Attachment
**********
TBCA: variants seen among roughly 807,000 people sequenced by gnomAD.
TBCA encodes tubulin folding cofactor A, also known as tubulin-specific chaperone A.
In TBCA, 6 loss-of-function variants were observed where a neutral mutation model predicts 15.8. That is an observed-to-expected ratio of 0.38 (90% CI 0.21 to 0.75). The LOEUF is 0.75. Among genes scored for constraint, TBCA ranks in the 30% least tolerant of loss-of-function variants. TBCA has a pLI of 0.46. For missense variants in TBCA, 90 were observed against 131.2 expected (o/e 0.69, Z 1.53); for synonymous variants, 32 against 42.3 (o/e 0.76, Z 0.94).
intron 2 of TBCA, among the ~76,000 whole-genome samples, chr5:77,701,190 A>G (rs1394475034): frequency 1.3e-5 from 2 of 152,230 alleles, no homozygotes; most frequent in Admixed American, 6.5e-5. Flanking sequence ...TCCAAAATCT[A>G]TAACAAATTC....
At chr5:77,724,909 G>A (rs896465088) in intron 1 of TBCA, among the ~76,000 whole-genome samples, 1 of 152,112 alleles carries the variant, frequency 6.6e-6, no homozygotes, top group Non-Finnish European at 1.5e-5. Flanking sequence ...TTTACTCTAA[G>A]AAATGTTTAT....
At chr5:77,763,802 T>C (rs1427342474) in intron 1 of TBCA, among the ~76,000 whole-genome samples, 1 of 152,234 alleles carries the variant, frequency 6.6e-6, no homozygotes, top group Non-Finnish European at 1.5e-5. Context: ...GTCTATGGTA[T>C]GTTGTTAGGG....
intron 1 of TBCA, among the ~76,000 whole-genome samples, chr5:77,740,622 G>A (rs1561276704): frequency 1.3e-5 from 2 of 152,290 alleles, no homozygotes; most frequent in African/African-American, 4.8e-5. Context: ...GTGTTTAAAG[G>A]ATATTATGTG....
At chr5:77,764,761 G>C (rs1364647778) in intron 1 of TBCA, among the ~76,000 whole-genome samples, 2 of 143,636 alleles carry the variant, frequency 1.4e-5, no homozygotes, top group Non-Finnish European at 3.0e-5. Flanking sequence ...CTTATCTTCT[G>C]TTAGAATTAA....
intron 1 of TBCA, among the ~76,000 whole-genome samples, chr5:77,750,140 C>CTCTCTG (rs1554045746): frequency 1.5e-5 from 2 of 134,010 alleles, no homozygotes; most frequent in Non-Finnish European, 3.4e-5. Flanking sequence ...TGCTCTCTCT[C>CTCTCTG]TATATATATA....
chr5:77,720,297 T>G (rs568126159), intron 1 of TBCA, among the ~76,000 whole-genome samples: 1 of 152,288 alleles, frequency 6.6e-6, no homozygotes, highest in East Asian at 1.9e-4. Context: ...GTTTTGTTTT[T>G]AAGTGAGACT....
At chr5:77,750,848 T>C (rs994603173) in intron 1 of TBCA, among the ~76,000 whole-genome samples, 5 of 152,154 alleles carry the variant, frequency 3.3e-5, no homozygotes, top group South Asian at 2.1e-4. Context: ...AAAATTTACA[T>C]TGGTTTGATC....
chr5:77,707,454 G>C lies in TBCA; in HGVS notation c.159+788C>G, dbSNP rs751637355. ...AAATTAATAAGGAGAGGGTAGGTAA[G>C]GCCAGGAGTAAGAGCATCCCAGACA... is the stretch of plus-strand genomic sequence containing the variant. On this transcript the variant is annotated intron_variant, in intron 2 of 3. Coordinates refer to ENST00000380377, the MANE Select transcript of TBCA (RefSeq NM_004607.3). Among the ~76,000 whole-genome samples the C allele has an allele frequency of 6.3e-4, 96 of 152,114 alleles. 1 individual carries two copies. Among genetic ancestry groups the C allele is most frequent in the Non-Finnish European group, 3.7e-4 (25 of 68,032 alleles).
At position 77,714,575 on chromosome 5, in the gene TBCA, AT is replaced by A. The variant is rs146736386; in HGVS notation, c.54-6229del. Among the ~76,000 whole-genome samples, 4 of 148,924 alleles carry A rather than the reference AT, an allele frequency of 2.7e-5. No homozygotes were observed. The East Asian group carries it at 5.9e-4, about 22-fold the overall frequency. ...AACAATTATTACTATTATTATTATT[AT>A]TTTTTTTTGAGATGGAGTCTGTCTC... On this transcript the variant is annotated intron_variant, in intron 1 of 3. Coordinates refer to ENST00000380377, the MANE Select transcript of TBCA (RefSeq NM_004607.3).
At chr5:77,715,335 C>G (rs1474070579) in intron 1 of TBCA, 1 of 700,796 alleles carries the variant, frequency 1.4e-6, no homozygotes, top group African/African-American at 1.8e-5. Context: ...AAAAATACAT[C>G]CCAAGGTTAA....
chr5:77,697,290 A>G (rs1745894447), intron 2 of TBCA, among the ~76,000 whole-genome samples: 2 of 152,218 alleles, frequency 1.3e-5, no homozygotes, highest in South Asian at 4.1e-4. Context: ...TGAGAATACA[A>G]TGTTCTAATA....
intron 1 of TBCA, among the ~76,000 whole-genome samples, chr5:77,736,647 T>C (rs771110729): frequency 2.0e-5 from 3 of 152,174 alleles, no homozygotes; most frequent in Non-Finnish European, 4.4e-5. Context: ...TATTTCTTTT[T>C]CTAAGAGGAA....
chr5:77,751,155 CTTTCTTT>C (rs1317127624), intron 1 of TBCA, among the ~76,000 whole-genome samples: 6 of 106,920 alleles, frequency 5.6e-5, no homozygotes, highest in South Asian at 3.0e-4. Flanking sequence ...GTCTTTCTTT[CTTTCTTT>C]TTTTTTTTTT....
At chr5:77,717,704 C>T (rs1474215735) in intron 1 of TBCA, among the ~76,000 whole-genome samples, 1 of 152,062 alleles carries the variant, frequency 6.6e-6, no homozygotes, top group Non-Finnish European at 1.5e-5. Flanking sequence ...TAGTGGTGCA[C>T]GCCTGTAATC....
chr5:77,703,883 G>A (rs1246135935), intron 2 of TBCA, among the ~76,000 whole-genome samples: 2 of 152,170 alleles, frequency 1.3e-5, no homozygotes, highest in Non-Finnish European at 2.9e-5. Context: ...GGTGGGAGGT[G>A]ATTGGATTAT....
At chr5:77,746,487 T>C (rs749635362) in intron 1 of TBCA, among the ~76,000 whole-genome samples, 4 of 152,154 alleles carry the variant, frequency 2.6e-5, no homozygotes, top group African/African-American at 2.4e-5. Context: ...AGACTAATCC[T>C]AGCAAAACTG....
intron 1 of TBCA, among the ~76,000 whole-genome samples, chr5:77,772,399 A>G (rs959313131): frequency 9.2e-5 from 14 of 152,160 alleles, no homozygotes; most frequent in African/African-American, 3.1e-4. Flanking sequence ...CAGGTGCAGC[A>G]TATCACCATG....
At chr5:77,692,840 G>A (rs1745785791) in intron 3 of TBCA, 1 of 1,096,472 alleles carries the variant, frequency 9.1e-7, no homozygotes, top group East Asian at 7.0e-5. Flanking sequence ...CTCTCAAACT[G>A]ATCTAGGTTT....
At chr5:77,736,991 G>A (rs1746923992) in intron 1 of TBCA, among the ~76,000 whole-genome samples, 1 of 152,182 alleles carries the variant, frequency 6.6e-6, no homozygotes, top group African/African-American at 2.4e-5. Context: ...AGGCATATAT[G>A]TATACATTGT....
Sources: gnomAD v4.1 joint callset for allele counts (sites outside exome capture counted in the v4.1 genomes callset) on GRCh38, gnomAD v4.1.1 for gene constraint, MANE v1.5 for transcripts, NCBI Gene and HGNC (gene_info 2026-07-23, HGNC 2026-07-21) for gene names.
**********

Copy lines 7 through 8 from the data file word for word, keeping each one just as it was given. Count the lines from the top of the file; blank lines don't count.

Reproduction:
intron 1 of TBCA, among the ~76,000 whole-genome samples, chr5:77,740,622 G>A (rs1561276704): frequency 1.3e-5 from 2 of 152,290 alleles, no homozygotes; most frequent in African/African-American, 4.8e-5. Context: ...GTGTTTAAAG[G>A]ATATTATGTG....
At chr5:77,764,761 G>C (rs1364647778) in intron 1 of TBCA, among the ~76,000 whole-genome samples, 2 of 143,636 alleles carry the variant, frequency 1.4e-5, no homozygotes, top group Non-Finnish European at 3.0e-5. Flanking sequence ...CTTATCTTCT[G>C]TTAGAATTAA....